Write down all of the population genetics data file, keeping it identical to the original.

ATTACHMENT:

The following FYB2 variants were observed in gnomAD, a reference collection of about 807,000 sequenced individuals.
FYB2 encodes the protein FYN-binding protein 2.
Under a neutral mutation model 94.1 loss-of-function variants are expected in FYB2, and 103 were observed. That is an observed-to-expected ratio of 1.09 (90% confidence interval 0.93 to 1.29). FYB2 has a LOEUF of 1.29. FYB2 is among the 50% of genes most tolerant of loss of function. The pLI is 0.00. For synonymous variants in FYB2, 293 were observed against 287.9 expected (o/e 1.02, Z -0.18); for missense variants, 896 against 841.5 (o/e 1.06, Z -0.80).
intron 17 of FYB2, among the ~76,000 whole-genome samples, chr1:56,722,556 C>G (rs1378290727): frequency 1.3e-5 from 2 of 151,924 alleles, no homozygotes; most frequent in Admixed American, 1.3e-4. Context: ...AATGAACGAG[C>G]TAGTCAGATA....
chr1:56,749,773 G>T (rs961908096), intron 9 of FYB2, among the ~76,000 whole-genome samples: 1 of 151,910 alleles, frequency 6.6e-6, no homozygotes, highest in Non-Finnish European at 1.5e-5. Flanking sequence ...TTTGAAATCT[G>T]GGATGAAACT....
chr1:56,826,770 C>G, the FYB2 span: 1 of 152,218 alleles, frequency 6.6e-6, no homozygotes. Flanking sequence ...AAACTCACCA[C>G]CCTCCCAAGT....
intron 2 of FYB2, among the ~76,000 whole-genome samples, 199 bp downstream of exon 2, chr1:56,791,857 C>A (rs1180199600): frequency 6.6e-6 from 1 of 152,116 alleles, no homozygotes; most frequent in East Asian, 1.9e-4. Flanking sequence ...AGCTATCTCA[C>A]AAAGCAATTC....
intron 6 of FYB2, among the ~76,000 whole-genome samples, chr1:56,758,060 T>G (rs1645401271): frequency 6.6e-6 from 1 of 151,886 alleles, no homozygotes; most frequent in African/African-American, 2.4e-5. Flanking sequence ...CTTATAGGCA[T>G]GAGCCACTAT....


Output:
The following FYB2 variants were observed in gnomAD, a reference collection of about 807,000 sequenced individuals.
FYB2 encodes the protein FYN-binding protein 2.
Under a neutral mutation model 94.1 loss-of-function variants are expected in FYB2, and 103 were observed. That is an observed-to-expected ratio of 1.09 (90% confidence interval 0.93 to 1.29). FYB2 has a LOEUF of 1.29. FYB2 is among the 50% of genes most tolerant of loss of function. The pLI is 0.00. For synonymous variants in FYB2, 293 were observed against 287.9 expected (o/e 1.02, Z -0.18); for missense variants, 896 against 841.5 (o/e 1.06, Z -0.80).
intron 17 of FYB2, among the ~76,000 whole-genome samples, chr1:56,722,556 C>G (rs1378290727): frequency 1.3e-5 from 2 of 151,924 alleles, no homozygotes; most frequent in Admixed American, 1.3e-4. Context: ...AATGAACGAG[C>G]TAGTCAGATA....
chr1:56,749,773 G>T (rs961908096), intron 9 of FYB2, among the ~76,000 whole-genome samples: 1 of 151,910 alleles, frequency 6.6e-6, no homozygotes, highest in Non-Finnish European at 1.5e-5. Flanking sequence ...TTTGAAATCT[G>T]GGATGAAACT....
chr1:56,826,770 C>G, the FYB2 span: 1 of 152,218 alleles, frequency 6.6e-6, no homozygotes. Flanking sequence ...AAACTCACCA[C>G]CCTCCCAAGT....
intron 2 of FYB2, among the ~76,000 whole-genome samples, 199 bp downstream of exon 2, chr1:56,791,857 C>A (rs1180199600): frequency 6.6e-6 from 1 of 152,116 alleles, no homozygotes; most frequent in East Asian, 1.9e-4. Flanking sequence ...AGCTATCTCA[C>A]AAAGCAATTC....
intron 6 of FYB2, among the ~76,000 whole-genome samples, chr1:56,758,060 T>G (rs1645401271): frequency 6.6e-6 from 1 of 151,886 alleles, no homozygotes; most frequent in African/African-American, 2.4e-5. Flanking sequence ...CTTATAGGCA[T>G]GAGCCACTAT....